Saudi Arabia set for series of privatizations

Saudi Arabia set for series of privatizations
Economy Minister Mohammed Al-Tuwaijri with Kirill Dmitriev, Bassem Awadallah and Darren Davis at Thursday’s panel discussion moderated by Frank Kane. (AN photo by Ziyad Alarfaj)
Updated 26 October 2018

Saudi Arabia set for series of privatizations

Saudi Arabia set for series of privatizations
  • Minister addresses FII panel moderated by Arab News columnist
  • Saudi Arabia plans to sell a stake in oil firm Saudi Aramco, which could raise around $100 billion, plus a number of other privatizations worth as much as $200 billion

RIYADH: Saudi Arabia plans a raft of privatizations across four key sectors by early next year, a panel at the Future Investment Initiative (FII) forum heard on Thursday.

Economy Minister Mohammed Al-Tuwaijri said the state sell-off would span four sectors: Silos and grains, schools, health care and desalination.

The minister was speaking on the final day of the Riyadh conference, in a panel session about the economic models for privatization. 

Saudi Arabia plans to sell a stake in oil firm Saudi Aramco, which could raise around $100 billion, plus a number of other privatizations worth as much as $200 billion.

“Some sectors … are more ready than others,” Al-Tuwaijri told the FII discussion, which was moderated by Arab News business columnist Frank Kane.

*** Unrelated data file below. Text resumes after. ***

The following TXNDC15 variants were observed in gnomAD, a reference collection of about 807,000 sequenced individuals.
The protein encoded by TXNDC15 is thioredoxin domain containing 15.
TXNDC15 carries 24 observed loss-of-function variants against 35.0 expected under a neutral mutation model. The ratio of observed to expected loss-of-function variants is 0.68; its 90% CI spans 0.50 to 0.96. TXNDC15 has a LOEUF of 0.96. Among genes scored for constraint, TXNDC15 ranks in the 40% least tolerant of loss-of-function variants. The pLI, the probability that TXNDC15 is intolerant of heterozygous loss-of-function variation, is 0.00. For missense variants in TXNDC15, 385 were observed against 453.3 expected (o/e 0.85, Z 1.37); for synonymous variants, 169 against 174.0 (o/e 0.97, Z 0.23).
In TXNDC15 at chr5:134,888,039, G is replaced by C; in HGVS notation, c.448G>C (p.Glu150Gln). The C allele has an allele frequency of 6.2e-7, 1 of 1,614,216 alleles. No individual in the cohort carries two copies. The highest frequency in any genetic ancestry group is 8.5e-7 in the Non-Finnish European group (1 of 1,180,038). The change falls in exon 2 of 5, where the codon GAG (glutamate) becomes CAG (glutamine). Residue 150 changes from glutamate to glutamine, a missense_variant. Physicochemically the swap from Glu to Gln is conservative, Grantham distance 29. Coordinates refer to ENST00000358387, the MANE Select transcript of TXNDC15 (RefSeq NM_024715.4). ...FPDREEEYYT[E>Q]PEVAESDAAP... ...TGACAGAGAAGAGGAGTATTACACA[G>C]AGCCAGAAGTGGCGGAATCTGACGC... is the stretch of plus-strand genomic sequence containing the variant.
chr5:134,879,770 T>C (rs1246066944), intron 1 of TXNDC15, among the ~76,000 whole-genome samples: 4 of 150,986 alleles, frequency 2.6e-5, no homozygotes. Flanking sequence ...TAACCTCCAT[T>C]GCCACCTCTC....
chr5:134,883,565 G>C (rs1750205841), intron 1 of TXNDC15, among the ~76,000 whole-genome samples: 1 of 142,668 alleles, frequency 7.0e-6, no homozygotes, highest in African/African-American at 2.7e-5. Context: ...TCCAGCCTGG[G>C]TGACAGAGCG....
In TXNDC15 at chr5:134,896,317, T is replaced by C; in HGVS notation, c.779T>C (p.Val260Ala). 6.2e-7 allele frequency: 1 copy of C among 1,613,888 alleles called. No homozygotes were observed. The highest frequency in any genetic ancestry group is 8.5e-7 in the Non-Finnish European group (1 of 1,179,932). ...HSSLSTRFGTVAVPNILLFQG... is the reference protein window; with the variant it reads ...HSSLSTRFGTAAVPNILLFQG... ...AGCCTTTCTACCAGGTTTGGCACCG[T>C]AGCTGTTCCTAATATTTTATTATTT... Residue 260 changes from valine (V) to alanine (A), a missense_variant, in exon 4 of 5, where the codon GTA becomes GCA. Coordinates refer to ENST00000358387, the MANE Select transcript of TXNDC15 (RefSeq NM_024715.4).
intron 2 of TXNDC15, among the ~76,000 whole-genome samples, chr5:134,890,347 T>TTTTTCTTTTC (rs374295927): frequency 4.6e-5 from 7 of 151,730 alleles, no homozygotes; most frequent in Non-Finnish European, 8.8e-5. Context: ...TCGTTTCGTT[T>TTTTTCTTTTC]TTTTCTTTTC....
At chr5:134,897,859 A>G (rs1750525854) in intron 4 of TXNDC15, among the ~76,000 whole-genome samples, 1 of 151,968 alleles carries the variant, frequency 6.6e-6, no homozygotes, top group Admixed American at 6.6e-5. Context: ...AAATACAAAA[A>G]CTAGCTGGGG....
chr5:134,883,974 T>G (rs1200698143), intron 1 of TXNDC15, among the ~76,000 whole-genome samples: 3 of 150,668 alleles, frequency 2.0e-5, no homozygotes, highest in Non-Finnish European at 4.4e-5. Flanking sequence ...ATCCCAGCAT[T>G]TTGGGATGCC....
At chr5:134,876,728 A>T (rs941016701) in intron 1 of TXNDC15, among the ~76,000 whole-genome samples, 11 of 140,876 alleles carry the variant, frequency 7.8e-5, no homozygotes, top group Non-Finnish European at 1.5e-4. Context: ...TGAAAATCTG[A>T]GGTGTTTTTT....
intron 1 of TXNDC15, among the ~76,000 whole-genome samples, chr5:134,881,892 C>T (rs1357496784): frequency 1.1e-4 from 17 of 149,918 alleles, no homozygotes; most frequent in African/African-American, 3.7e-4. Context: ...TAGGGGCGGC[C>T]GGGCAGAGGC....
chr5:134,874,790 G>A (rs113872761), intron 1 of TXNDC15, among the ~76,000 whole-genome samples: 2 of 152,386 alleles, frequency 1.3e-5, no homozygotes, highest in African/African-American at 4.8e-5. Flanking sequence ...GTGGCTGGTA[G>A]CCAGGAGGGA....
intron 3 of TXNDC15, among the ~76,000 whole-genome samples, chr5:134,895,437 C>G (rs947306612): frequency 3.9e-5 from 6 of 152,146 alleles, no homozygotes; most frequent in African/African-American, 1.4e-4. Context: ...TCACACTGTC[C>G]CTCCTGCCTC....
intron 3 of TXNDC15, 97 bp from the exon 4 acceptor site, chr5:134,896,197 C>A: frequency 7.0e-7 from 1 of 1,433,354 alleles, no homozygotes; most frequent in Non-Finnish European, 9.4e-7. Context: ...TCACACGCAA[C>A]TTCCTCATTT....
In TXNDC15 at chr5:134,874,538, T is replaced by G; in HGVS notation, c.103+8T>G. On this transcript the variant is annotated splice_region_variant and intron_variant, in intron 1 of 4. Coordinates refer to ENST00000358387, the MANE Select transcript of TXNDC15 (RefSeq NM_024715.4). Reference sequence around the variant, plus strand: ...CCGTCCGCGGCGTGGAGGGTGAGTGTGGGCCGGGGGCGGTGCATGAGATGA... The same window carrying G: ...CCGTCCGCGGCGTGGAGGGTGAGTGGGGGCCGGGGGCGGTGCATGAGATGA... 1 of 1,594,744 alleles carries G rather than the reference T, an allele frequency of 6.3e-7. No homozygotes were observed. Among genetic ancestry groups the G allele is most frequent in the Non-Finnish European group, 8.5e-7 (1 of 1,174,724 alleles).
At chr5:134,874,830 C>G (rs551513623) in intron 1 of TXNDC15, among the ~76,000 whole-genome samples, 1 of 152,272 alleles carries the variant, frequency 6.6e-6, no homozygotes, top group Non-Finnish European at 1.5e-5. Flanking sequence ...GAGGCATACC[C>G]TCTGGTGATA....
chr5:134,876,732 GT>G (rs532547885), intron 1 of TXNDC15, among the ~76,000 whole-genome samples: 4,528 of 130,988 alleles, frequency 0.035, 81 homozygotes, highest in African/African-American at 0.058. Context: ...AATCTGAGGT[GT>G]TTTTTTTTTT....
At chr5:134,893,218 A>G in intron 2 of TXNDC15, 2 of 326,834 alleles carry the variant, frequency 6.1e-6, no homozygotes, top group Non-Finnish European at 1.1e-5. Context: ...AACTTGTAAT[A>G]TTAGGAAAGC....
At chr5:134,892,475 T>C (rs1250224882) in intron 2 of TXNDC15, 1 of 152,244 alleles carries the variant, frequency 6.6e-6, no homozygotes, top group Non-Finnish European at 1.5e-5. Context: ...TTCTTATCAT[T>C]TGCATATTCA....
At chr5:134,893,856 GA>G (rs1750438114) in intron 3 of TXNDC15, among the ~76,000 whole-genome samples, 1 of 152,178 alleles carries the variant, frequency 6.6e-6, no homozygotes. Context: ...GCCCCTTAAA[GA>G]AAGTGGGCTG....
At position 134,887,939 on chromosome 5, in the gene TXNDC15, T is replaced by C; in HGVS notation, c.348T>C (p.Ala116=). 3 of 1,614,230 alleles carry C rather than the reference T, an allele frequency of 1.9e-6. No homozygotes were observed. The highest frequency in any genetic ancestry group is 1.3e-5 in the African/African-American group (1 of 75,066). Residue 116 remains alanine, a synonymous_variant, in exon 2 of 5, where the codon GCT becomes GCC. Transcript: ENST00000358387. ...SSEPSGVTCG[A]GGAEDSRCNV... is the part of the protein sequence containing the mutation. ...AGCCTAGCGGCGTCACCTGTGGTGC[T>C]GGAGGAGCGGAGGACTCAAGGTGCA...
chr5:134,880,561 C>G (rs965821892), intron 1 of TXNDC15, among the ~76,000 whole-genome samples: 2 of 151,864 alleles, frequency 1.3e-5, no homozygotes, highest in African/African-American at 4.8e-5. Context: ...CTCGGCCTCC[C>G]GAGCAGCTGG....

Watch the video of the session:

“Between now and first quarter of 2019, we are going to introduce … opportunities in silos and grains … We’re also going to introduce some assets for education (and) a couple of assets in health care … and also some desalination plants.”

He added that there are several challenges to the pace of the privatization drive, including labor market policies and ”massive HR challenges.”

Saudi oil giant Aramco is “absolutely ready” for its long-awaited IPO but several regulatory procedures remain, he added.

Darren Davis, the acting CEO of Saudi Arabia’s largest mining company Ma’aden, said that privatizations can come in different forms. 

His own company, for example, is partly government-owned, and partly owned by private shareholders.

“The Ma’aden case is an interesting example of the fact that privatization doesn’t come in one size, you need to be flexible in how you apply privatization,” he said.

Fellow panelist Bassem Awadallah, CEO of consultancy Tomoh Advisory, agreed that there were different models to pursue when it comes to selling off state assets. 

“It is very healthy to have different models of privatization because countries need to develop their tailor-made solutions based on individual countries and sectors,” he said. “There is no model that fits all.”

Awadallah pointed out that privatization programs had been partly tainted by perceptions of a lack of transparency and corruption in some other markets.

“I think it is very important to explain to people what privatization is all about … People need to understand that this is not just another transfer of capital from the public sector to the private sector,” he said.